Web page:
Friday, October 28, 2016

Tired Old Plots by Cheryl Bolen


They say there’s no such thing as a new plot. That’s especially true in Regency-set historical romances. I know. I’ve written more than 30 of them, and for about 40 years I’ve been reading them. 

My readers have been clamoring for another Brazen Brides story for the third Birmingham brother, the wealthiest bankers in England. I want to come up with something fresh. Something I haven’t done before. But I’m having a difficult time. 

Unlike in contemporaries, we Regency writers can’t have the occupational “meet.” You know, the hero who needs the services of the heroine to be his nurse, interior decorator, secretary, art restorer, or competitor. Women of the middle and upper classes did not learn trades 200 years ago. 


The most popular plot device in Regency is impoverished nobleman—or noblewoman—who must marry a fortune. I did a spin on that with my His Golden Ring when I had my aristocratic heroine offer herself in marriage to a wealthy banker to get money to ransom her brother from Spanish bandits. Another variation on this was in my His Lordship’s Vow and in my Miss Darcy’s New Companion (both novellas), where the noblemen court an heiress, only to fall in love with a penniless heroine. My Brides of Bath series started when an impoverished noble family accepts help from a nabob in exchange for introducing his sister and him into Bath society. ( Bet you can see where that story was headed!) 


I’ve grown so tired of the same old, same old. I don’t even read Regencies anymore—unless it was written sixty or more years ago by the grand dame of the genre, Georgette Heyer. It got to where every story I read seemed as if I’d read that story before, only the characters had different names. 

So, here I am. Though I’ve written a couple of novellas this year, this is the first year in a very long time that I haven’t written a new novel. I’ve spent weeks pondering plots for Adam Birmingham. To no avail. My last two full-length novels were very well received, and I think that was so because they had fresh plots. One reviewer said of my Countess by Coincidence she’s read many a marriage-of-convenience story before, but had never read a marriage-of-coincidence story. Scores on that book in the Rita judging were almost good enough to final. I believe the judges recognized that it wasn’t same recycled plot. And my Oh What a (Wedding) Night, though a runaway bride story, had lots of other things going for it, including mistaken identity, role switching, and humor.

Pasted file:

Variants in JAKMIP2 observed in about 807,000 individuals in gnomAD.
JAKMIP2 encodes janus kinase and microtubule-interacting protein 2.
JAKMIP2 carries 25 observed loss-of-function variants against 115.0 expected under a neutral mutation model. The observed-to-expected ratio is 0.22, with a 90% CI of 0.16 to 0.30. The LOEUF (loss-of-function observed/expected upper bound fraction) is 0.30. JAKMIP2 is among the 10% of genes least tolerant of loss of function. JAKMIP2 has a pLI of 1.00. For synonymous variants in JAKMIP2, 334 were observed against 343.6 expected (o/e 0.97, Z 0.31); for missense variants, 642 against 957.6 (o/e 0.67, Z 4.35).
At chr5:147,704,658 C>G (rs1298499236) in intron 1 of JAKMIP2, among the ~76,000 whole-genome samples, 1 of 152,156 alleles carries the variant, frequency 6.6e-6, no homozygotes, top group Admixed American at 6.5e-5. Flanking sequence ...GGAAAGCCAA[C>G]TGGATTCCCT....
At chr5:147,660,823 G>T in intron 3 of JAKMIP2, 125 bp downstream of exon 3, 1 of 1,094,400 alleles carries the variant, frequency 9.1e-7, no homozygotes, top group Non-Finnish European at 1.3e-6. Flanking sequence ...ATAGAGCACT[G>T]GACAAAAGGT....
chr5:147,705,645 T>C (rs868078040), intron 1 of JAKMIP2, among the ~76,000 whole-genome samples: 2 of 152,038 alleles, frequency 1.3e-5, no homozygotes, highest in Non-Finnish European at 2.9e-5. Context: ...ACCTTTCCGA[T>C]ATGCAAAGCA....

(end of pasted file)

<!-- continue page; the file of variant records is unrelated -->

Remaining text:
I want to write books that have fresh new plots, and I’d rather have no new book than one I’m not proud of. So here I sit, writing blogs instead of books.—Cheryl’s Nov. 15 release is a Christmas novella in her House of Haverstock series. It’s titled Ex-Spinster by Christmas.

11 comments:

  1. Although I see the quandary there, and I only read Regencies sometimes (think Christmas and Mary Balogh), I look forward to some of the things that are the same. I also like when either of the protagonists is an academic--even if the heroine of course has to keep her knowledge in the closet. Good luck with Adam's story!

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    1. I'm chuckling here, Liz, because I've used an academic nerd hero in Love in the Library and a bluestocking heroine in Marriage of Inconvenience. I love nerd heroes--and I think my readers do too. Thanks.

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  2. You have to remember that what seems tired to you is new and fascinating to some readers. Or maybe just comfort reads to many. :-)

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    1. Thanks so much, Becky. I needed to hear that.

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  3. I think we all face a similar challenge, no matter what time period we write. Keep things fresh, dazzle the reader. You'll do it, Cheryl.

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    1. I appreciate your assurances, Kathleen.

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  4. I like to take an old plot and put a new spin on it or mash it with another plot. Lots to think about. Great post!

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    1. Love this idea, Karen. I actually took the plot of Charade and twisted it in my book Counterfeit Countess. Now to think of some things to mash. Thanks.

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  5. Cheryl, can you look to contemporary plots to transfer for a unique twist? Wrong bed? Secret baby? Spying or lying about identity? You're in a very real quandary and one only another writer will understand. I know you'll come through though!

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  6. Food for thought, Bonnie. Thanks for your confidence in me!

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  7. I fondly remember the brainstorming we used to do. I think Bonnie has a good point. Look to the contemporary romances for an idea to put a new twist on an old trope. Good luck with the new Christmas story. Can't wait to read it.

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